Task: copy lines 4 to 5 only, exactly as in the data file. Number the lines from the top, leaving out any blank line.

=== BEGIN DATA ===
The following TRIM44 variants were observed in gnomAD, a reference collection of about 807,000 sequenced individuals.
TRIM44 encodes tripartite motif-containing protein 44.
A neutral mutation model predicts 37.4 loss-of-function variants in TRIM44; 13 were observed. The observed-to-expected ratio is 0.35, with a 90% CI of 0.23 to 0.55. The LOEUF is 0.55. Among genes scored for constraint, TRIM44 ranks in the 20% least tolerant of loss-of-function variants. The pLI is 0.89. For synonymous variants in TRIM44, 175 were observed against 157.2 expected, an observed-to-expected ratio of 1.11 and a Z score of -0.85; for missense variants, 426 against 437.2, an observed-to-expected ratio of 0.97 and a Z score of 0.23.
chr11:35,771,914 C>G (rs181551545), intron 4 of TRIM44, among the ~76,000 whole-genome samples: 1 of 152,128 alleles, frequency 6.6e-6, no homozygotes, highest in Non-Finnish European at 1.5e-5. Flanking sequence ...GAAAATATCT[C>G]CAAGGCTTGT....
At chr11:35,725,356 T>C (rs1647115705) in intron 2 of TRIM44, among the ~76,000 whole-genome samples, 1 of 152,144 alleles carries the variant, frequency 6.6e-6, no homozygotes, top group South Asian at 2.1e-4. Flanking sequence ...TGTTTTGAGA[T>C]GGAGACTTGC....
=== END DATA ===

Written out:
chr11:35,771,914 C>G (rs181551545), intron 4 of TRIM44, among the ~76,000 whole-genome samples: 1 of 152,128 alleles, frequency 6.6e-6, no homozygotes, highest in Non-Finnish European at 1.5e-5. Flanking sequence ...GAAAATATCT[C>G]CAAGGCTTGT....
At chr11:35,725,356 T>C (rs1647115705) in intron 2 of TRIM44, among the ~76,000 whole-genome samples, 1 of 152,144 alleles carries the variant, frequency 6.6e-6, no homozygotes, top group South Asian at 2.1e-4. Flanking sequence ...TGTTTTGAGA[T>C]GGAGACTTGC....